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agrees with the truth of the case. The text says expressly that she was dispossessed by Paul's commanding the evil spirit to come out of her; and that the dispossession was visible by some alteration produced in her body, upon the departure of the spirit. For, 18. He came out of her the same hour. 19. And when her masters saw that the hope of their gains was gone, they caught Paul and Silas, &c. If there was nothing here but mere imposture, how came the damsel to change her conduct upon Paul's saying to the evil spirit, I command thee, in the name of Jesus Christ, to come out of her? or what efficacy was there in these words to persuade her? As to the supposition, that this young woman was under the power of some distemper, which the apostle cured miraculously, no stress can be laid upon it, till the persons who make it point out a mere natural distemper, by the power of which they who labour under it are enabled to divine things secret, and to foretel things future. If the feats performed by the ancient pretenders to divination, were not the effects of imposture, they had no relation to distempers, either of the body or of the mind. The method in which the apostle treated the Pythoness at Philippi, shews that such of the heathen priests or priestesses as really possessed a spirit of divination, were under the influence of evil spirits, who in the course of the providence of God, are for the wisest reasons permitted to delude those who will not attend to the dictates of reason. The story of the witch of Endor, is the same in kind with that of the Pythoness in the Acts, and with the inspirations and divinations of the heathen priests, and shews beyond contradiction, that mankind have had communication with evil spirits. Wherefore, say the patrons of the real possession, though these instances are not mentioned in the gospels, yet, being found in the sacred records and other credible histories, they are undeniable examples of real possessions, and add great strength to the arguments offered to prove, that the possessions spoken of in the gospels were not figurative but real. This species indeed, which shewed itself by divinations and soothsayings, was much more rare than those mentioned in the gospels. Nevertheless, if credit can be given to history sacred and prophane, it cannot be doubted that this species hath really existed. Much fraud and imposture may have been used to support false pretensions of this kind. Nevertheless, to give rise to them, and to support their credit in all the heathen countries, through such a course of years, some instances of true divination must have happened, however rare we may suppose them to have been.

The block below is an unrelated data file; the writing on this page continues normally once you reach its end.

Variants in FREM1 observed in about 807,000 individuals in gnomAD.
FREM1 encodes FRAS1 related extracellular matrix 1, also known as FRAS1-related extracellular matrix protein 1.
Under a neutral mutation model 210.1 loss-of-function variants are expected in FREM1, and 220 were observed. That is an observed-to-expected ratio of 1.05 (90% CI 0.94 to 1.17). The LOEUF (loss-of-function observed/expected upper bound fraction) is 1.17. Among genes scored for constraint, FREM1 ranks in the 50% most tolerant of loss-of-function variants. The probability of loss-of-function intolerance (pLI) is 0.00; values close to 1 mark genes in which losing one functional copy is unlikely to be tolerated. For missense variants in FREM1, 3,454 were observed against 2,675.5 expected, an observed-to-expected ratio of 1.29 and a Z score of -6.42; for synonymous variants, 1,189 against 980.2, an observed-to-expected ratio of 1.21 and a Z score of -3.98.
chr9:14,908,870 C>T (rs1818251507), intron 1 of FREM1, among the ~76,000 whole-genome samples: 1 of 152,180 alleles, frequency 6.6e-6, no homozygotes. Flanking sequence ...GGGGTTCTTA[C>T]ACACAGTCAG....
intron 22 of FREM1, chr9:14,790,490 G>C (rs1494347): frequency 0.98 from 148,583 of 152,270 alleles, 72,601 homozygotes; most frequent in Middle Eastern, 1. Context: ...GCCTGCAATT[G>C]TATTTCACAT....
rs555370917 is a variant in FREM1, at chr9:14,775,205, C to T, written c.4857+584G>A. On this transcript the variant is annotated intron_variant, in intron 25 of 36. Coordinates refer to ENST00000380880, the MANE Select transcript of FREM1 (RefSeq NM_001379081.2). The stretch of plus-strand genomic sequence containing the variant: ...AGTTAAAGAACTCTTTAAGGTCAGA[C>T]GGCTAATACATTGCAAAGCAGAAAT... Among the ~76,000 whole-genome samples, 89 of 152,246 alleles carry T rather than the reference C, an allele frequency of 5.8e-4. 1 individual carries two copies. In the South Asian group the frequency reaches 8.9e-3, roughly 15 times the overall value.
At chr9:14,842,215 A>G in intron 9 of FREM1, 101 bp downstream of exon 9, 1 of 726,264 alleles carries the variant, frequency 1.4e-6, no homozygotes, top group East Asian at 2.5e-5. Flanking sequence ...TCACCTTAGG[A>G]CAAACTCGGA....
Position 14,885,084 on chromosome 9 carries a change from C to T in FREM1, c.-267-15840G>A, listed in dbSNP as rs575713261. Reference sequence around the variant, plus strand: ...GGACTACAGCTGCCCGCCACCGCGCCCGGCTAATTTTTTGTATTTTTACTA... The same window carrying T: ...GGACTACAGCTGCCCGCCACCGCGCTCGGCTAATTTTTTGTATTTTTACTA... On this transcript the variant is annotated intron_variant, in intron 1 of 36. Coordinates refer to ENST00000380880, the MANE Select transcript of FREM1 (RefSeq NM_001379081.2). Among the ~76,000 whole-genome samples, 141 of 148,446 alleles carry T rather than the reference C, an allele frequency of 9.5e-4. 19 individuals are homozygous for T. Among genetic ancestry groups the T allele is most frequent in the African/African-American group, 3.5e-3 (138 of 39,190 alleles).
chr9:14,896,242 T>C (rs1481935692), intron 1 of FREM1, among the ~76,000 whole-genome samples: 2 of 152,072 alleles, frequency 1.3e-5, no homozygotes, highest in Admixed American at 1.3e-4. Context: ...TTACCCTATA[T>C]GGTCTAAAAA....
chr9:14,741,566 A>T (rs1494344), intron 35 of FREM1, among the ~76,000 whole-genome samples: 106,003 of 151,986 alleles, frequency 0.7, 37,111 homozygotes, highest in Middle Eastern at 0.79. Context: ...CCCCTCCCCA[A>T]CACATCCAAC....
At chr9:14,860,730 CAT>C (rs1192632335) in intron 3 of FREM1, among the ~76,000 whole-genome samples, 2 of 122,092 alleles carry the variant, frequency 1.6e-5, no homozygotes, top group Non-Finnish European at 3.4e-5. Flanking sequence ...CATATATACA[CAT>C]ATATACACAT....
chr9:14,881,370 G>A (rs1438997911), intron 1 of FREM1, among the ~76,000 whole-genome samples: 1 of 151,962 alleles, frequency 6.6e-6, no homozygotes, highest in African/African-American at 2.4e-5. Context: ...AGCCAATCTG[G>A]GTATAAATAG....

If modern instances of possession are demanded, the physician Oribasius, born in the beginning of the fourth century at Pergamus, will furnish what is required, in the eighth and tenth books of his collections, wrote about the year of our Lord 360, as these are cited by Dr Hilary, Method of improving Medical Know